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Kamiak's Riley Henricks is one small wonder

April 25, 2008

Beware the little guy in baseball.

The David Ecksteins. The Freddie Pateks. The Luis Aparicios. The Nellie Foxes.

Beware the little guy not only for his skill, but for his will, his aggressiveness, his energy, his heart, and his brain.

Beware the little guy, for he'll find a way to beat you. Just ask supporters of Riley Henricks, one of the little guys.

When no other NCAA Division I coach would recruit Henricks, University of Portland coach Chris Sperry offered him a scholarship.

"He's just a good baseball player," Sperry said. "He's a guy you want coming to the plate when you need a run driven in."

Ray Atkinson coached Henricks when he played for the Seattle Stars, an elite youth team. "He's just a hard-nosed player," Atkinson said. "He plays with great focus, great determination, great perseverance.

"He was not one of the best hitters when he came to us, but he became one of the best hitters because of perseverance and heart. He's one of those athletes who refuses to lose."

Levi Lacey coached the 5-foot-10, 165-pound Henricks for two years on the Laces baseball team, watching him hit 16 home runs with a wooden bat.

"Riley's the man," Lacey said. "Some thought he was too small to play Division I baseball, but I knew he was a Division I player and called the University of Portland. His dad taught him to play the game the right way."

Steve Merkley knew he had a special athlete when he coached Henricks at Kamiak High School. "In practice, we had to move him back in the batter's box so he wouldn't lose all of our balls over the outfield fence," the coach laughed.

When he wasn't losing baseballs, Henricks was stealing footballs, setting a Kamiak career interception record with 12 as a defensive back. "He wasn't that big, but he was instinctive," Knights football coach Dan Mack said. "He had an innate ability to concentrate under pressure, which makes him a good hitter."

Now, nearly one year out of high school, Henricks is proving himself to be a certifiable Division I player, batting leadoff and pacing the Pilots in batting average (.347), hits (52), doubles (13), triples (3), slugging percentage (.593), on-base percentage (.431), walks (21) and total bases (89). In addition, he's second on the team with six home runs.

And, no, he isn't crowing "I told you so" to all of those big schools that ignored him. That isn't his style. "He's a humble pie, 'aw shucks' kind of guy," Mack said. "But tough as nails."

"I don't think I have anything to prove," Henricks said when the Pilots played the Washington Huskies early this month in Seattle. "I just want to play and have fun."

Having fun is hitting a ninth-inning home run to put his team ahead of the Huskies in a game last month, though Washington came back in the bottom of the inning to win.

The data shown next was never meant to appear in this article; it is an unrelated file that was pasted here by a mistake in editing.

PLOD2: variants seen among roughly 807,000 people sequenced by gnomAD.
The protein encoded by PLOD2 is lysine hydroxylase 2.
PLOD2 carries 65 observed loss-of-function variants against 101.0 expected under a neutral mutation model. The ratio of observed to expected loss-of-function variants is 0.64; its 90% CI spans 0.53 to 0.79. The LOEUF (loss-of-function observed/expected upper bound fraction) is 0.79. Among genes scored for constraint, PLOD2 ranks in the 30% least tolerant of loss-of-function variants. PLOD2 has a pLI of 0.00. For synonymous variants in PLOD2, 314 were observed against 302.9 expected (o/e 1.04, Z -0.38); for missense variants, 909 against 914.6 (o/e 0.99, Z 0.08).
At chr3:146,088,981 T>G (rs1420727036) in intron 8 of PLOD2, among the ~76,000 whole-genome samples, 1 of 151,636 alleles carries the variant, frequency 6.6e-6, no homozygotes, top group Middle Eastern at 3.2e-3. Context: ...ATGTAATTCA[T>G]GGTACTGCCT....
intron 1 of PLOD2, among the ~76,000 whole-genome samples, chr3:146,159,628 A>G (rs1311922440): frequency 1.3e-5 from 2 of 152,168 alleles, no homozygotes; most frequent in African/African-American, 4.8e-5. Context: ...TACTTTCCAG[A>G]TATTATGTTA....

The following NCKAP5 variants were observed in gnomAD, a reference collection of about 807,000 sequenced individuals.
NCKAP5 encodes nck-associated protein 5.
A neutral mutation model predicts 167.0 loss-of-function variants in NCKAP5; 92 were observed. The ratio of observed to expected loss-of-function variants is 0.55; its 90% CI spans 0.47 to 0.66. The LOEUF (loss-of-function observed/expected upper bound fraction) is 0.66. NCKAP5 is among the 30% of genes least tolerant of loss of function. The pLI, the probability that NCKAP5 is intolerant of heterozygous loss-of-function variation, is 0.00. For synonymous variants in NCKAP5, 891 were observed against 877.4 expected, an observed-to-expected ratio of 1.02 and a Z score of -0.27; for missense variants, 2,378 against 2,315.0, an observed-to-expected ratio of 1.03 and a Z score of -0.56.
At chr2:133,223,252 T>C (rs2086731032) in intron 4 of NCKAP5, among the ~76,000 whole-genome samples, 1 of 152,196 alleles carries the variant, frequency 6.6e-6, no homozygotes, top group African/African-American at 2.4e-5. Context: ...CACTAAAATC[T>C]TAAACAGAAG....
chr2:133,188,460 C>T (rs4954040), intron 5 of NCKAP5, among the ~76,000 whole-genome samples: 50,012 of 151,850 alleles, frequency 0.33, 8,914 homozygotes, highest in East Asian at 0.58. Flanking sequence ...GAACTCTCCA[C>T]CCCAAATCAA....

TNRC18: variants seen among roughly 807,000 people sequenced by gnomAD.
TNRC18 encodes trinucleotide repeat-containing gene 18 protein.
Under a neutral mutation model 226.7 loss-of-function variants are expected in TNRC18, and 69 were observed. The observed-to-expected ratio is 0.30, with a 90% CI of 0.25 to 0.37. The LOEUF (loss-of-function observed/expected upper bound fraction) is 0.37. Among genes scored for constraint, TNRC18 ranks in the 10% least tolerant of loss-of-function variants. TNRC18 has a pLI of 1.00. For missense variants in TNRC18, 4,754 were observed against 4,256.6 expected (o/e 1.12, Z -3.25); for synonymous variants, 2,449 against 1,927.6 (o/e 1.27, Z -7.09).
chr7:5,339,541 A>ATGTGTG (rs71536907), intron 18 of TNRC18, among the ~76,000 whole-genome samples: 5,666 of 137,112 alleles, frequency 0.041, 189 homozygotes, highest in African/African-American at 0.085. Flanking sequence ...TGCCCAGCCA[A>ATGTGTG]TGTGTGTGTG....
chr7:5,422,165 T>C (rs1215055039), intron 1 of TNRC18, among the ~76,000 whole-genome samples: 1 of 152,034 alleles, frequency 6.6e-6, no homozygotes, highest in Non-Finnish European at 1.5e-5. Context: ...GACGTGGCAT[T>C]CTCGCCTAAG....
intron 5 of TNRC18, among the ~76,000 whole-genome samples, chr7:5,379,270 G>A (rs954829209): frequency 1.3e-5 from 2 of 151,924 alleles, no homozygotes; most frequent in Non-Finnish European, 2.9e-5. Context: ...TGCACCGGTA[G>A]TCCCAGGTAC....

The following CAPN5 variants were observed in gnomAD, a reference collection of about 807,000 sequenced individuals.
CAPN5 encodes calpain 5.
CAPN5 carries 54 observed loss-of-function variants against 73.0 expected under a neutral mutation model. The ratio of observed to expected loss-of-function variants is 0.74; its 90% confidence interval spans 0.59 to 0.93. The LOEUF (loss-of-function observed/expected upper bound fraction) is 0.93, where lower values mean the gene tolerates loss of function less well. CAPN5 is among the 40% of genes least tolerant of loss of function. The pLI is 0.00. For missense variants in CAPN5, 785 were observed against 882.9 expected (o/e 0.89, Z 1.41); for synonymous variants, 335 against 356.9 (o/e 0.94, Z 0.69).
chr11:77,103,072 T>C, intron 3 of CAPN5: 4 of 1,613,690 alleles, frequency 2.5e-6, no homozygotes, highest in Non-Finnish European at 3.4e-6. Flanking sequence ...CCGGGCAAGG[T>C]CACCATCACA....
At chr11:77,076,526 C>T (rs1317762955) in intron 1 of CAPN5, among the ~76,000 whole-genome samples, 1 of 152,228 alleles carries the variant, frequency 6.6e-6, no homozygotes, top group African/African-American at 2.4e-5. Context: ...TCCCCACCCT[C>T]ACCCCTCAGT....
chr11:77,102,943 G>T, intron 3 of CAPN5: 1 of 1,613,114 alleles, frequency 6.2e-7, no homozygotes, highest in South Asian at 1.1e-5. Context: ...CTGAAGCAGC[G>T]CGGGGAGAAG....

Having fun is blasting two home runs on his 19th birthday and driving in three runs to lead the Pilots to a 6-2 victory over Santa Clara on April 6.

Having fun is simply putting on the uniform and playing the game. "I love it," the soft-spoken second baseman said. "I wouldn't want to be doing anything else."

He could be playing football. Several Division III schools recruited him to play defensive back -- they said he could also play baseball -- but Henricks had a goal -- to play Division I baseball. And when Portland came calling, he accepted.

What sealed the deal for Sperry was watching him play in a series pitting Washington and Oregon prep stars. "He had a very good series," the coach said.

Sperry acknowledges that the professional scouts might not give Henricks high marks for his speed, his arm or, of course, his size, though he has gained 30 pounds in the past few years. "But there are a lot of guys in the big leagues who are short on tools but make up for it with an ability to hit and with their minds and their passion and their heart," he said.

Guys like Eckstein, a 5-foot-7 walk-on in college and the Most Valuable Player in the 2006 World Series for the St. Louis Cardinals.

Guys like Patek, who played 14 seasons in the big leagues with an aggressive style that belied his 5-foot-5 stature.

Guys like Aparicio and Fox, the diminutive double play combination for the Chicago White Sox who are both in the Hall of Fame.

Inspirational players all. Just as Henricks is.

When Atkinson gets a smallish player nowadays, he uses Henricks as a model for the kid to emulate. "I'll say, 'Just because you're small, look what Riley Henricks has done,'" he said.

When he had Henricks on the Seattle Stars, the team was loaded with outstanding players, including Cam Nobles and Geoff Brown, both now playing for the Huskies. There's a perception that perhaps because Henricks was on the small side, he was overshadowed by bigger players.

"Being small, it was difficult for him to fit in," said his father, Jim, who recalled that Riley weighed just over 100 pounds as a sophomore. "The fact that he wasn't a big fellow, he didn't get on a lot of people's radars."

His coach at Kamiak did his best to make D-I coaches aware of Henricks. Merkley said he doesn't recommend players to big-school coaches unless they truly have D-I credentials, and he has had just two such players in 15 years at Kamiak, one of them being Henricks. "He (Merkley) said, 'You guys are missing the boat on this kid,'" Jim Henricks said.

In retrospect, Jim admits that maybe it's just as well that not a flood of offers was made.

"In reality," he said, "Portland is probably the best fit for him. He gets on the field and it's a relaxed atmosphere with not a lot of pressure on him."

As for his son, all Riley wanted to do was "come out, work hard and see what happens."

As it turns out, it's Riley Henricks that's happening.